Certain of our products and services are subject to laws and regulations in the U.S., Canada, the European Union and other regions in which we operate.
Certain of our products and services are subject to laws and regulations in the U.S., Canada, the European Union and other regions in which we operate. From time to time in the ordinary course we may be required to obtain regulatory approvals or licenses in order to sell certain products and services, which could result in increased costs and inability to sell our products and services.
For example, in the U.S., the FCC regulates many aspects of communications devices and services. In Canada, similar regulations are administered by the Innovation, Science and Economic Development Canada and the Canadian Radio-television
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and Telecommunications Commission. European Union directives provide comparable regulatory guidance in Europe. Further, regulatory requirements may change, or we may not be able to receive approvals, registrations or licenses from jurisdictions in which we may desire to sell products and services in the future. In addition, many laws and regulations are still evolving and being tested in courts and by regulatory authorities and could be interpreted in ways that could harm our business.
The application and interpretation of these laws and regulations often are uncertain, particularly in the new and rapidly evolving industry in which we operate. Because laws and regulations have continued to develop and evolve rapidly, it is possible that we or our products or services may not be, or may not have been, compliant with each applicable law or regulation. Compliance with applicable laws and regulations may impose substantial costs on our business, and if we fail to comply we may be subject to regulatory and civil liability, additional costs (including fines), reputational harm, and in severe cases, may be prevented from selling our products and services in certain jurisdictions, all of which could materially and adversely affect our business, financial position, results of operation, and cash flows.
We are subject to government regulations and other standards that impose operational and reporting requirements.
We, our suppliers, and our customers are subject to a variety of U.S. federal, foreign, state and local governmental laws, rules and regulations, including laws, rules and regulations governing data privacy protections for personal information, and corrupt practices/anti-bribery prohibitions, that impact our business in terms of ongoing monitoring of compliance. Legislation and related regulations in the U.K. under that country’s Bribery Act could have extra-territorial application of compliance standards that may be inconsistent with comparable U.S. law, requiring us to re-evaluate and amend our compliance programs, policies and initiatives.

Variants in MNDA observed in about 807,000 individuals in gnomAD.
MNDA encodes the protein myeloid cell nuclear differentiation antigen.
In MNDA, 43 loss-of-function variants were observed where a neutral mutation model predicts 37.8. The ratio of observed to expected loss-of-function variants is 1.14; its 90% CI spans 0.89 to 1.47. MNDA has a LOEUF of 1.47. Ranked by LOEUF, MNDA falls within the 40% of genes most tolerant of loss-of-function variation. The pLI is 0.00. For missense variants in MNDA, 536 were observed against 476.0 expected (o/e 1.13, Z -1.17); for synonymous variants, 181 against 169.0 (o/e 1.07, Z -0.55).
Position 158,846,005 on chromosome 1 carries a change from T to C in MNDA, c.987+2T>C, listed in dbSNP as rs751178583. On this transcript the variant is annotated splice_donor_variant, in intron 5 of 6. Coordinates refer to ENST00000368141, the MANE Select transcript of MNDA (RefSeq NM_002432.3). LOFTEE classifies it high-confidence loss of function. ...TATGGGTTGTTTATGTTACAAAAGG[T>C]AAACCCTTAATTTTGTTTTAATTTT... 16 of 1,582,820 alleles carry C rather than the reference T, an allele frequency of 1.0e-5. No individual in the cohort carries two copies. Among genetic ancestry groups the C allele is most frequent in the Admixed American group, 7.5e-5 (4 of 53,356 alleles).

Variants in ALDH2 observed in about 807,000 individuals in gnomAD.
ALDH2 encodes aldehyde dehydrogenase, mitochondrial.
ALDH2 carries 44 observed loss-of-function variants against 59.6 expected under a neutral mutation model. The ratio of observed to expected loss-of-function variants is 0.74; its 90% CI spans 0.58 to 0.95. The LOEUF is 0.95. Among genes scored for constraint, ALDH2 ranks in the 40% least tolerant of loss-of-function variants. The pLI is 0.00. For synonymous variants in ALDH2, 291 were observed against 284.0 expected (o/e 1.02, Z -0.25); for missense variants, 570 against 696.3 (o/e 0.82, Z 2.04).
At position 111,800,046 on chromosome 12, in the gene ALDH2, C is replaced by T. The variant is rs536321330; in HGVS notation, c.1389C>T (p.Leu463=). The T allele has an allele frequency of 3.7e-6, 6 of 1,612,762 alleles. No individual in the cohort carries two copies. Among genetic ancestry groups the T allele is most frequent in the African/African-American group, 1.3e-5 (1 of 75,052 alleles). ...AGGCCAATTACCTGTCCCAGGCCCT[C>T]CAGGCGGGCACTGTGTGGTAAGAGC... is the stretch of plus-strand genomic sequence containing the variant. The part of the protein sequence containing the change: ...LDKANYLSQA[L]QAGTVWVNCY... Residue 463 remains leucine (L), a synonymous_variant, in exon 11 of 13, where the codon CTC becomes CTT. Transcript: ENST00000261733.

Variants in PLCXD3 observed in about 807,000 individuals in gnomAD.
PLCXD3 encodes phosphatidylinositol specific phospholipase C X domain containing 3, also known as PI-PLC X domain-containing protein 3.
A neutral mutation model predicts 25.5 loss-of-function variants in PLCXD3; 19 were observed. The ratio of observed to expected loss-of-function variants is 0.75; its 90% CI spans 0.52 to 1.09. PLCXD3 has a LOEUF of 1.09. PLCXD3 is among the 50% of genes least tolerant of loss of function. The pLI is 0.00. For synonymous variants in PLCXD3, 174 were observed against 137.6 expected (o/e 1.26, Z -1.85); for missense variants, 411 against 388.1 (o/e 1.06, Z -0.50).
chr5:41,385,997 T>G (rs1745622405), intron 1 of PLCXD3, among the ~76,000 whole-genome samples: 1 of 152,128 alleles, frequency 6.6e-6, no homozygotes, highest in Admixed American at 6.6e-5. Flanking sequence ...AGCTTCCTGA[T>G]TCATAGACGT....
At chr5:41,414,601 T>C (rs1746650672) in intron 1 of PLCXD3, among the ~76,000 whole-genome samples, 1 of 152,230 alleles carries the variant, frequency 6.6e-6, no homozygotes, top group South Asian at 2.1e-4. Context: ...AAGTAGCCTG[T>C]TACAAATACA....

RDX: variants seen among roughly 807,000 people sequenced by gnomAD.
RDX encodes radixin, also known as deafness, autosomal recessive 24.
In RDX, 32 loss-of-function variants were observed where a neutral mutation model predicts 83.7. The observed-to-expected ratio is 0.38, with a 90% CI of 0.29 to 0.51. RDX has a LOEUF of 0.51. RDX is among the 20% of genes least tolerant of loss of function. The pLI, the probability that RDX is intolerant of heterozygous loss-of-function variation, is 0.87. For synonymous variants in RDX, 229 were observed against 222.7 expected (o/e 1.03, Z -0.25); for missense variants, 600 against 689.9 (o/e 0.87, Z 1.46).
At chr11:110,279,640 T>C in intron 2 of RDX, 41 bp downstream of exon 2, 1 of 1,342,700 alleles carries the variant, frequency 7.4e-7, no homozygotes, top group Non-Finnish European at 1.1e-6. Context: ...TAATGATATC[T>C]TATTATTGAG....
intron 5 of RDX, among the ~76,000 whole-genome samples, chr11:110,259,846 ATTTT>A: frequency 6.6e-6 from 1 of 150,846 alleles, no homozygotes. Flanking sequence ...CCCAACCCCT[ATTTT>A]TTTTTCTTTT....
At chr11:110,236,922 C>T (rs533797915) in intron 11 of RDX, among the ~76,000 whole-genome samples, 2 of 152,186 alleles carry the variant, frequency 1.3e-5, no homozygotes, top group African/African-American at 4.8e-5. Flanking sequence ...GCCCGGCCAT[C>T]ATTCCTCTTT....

The SEC and The Nasdaq Stock Market LLC ("Nasdaq") have revised, and continue to revise, their regulations and listing standards. These developments have increased, and may continue to increase, our legal compliance and financial reporting costs. These developments also may make it more difficult and more expensive for us to obtain director and officer liability insurance, and we may be required to accept reduced coverage or incur substantially higher costs to obtain coverage. This, in turn, could make it more difficult for us to attract and retain qualified members of our Board of Directors, or qualified executive officers.
Failure to comply with present or future laws, rules and regulations of any kind that govern our business could result in suspension of all or a portion of production, cessation of all or a portion of operations, or the imposition of significant regulatory, administrative, civil, or criminal penalties or sanctions, any of which could harm our business.
Our failure to comply with any applicable environmental regulations could result in a range of consequences, including fines, suspension of production, excess inventory, sales limitations, and criminal and civil liabilities.
We are subject to various state, federal and international laws and regulations governing the environment, including those restricting the presence of certain substances in electronic products and making producers of those products financially responsible for the collection, treatment, recycling and disposal of those products and those related to the use, storage, handling, discharge or disposal of certain toxic, volatile or otherwise hazardous chemicals and the incorporation of such substances into products available for sale. If we or our suppliers were to incur substantial additional expenses to acquire equipment or otherwise comply with environmental regulations, product costs could significantly increase, thus harming our business. If we violate or fail to comply with any of them, a range of consequences could result, including fines, import/export restrictions, sales limitations, criminal and civil liabilities or other sanctions. We could also be held liable for any and all consequences arising out of exposure to hazardous materials used, stored, released, disposed of by us or located at, under or emanating from our facilities or other environmental or natural resource damage. We have incurred, and may continue to incur, liabilities under various statutes for the cleanup of pollutants at locations we have operated and at third-party disposal and recycling sites we have used.